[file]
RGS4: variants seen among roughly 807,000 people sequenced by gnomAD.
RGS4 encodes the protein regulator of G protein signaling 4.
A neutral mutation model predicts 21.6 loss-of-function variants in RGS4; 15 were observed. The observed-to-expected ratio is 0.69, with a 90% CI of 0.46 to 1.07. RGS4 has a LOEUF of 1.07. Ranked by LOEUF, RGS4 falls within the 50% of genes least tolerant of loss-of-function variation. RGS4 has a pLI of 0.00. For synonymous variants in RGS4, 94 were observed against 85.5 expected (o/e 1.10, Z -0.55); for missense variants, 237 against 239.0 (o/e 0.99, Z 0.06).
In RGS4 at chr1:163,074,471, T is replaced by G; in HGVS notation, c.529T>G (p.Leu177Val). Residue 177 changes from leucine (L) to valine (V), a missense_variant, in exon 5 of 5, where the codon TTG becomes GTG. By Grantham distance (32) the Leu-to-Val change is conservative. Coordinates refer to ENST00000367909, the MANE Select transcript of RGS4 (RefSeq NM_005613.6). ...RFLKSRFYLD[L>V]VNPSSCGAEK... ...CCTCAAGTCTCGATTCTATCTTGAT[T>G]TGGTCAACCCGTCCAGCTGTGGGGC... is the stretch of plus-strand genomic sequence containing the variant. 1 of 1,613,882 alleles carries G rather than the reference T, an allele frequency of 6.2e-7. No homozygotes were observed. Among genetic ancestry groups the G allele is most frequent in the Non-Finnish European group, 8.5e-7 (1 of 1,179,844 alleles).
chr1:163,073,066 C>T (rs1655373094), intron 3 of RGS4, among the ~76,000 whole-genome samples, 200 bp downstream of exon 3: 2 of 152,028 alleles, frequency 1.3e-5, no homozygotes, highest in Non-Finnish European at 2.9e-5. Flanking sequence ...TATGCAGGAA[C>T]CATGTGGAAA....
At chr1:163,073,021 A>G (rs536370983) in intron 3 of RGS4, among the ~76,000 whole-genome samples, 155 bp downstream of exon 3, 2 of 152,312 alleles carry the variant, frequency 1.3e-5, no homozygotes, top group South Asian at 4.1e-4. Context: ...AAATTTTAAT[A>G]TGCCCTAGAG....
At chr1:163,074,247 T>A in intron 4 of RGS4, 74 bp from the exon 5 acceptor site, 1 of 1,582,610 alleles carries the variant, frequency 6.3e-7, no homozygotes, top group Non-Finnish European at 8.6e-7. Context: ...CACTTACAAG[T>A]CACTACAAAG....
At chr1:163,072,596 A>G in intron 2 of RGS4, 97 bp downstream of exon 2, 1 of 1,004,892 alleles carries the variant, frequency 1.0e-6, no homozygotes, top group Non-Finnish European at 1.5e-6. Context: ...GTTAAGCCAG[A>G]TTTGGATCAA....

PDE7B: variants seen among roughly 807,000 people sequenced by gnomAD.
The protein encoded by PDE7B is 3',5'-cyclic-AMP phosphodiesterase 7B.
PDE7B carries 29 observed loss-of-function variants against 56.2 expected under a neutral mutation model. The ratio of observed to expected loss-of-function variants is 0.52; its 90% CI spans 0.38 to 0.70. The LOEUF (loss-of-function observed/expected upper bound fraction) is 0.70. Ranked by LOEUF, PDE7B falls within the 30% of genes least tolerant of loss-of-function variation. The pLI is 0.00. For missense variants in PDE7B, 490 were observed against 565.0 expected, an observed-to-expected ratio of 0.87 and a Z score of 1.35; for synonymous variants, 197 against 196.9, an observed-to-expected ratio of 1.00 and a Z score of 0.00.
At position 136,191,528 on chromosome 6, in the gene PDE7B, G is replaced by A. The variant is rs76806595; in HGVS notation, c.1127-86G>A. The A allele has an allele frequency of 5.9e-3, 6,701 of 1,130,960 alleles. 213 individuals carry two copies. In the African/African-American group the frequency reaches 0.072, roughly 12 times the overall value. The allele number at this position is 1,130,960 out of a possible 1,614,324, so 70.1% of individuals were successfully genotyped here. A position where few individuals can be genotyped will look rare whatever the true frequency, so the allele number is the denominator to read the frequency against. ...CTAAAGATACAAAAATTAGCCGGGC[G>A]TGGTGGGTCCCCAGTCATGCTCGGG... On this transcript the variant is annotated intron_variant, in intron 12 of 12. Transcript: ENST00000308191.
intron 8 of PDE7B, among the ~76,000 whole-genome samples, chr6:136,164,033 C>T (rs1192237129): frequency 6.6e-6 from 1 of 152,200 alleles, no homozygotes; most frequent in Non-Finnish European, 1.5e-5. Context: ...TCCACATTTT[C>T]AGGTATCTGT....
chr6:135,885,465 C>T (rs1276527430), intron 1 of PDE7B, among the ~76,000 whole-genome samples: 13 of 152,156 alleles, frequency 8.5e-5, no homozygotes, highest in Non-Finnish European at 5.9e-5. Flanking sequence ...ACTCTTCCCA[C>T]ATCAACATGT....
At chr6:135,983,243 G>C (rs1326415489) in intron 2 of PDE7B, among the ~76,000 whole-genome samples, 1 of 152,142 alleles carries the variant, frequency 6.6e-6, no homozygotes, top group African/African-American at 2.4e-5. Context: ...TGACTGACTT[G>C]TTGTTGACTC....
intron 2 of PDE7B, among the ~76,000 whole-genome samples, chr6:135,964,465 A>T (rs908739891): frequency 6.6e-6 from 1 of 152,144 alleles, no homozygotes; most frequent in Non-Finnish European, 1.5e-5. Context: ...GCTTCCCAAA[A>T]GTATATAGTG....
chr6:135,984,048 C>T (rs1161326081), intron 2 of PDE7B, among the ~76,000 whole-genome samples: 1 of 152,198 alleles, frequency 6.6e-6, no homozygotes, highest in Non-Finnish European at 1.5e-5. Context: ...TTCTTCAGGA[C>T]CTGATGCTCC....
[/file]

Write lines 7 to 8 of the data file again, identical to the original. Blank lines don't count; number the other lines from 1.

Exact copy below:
At chr1:163,074,247 T>A in intron 4 of RGS4, 74 bp from the exon 5 acceptor site, 1 of 1,582,610 alleles carries the variant, frequency 6.3e-7, no homozygotes, top group Non-Finnish European at 8.6e-7. Context: ...CACTTACAAG[T>A]CACTACAAAG....
At chr1:163,072,596 A>G in intron 2 of RGS4, 97 bp downstream of exon 2, 1 of 1,004,892 alleles carries the variant, frequency 1.0e-6, no homozygotes, top group Non-Finnish European at 1.5e-6. Context: ...GTTAAGCCAG[A>G]TTTGGATCAA....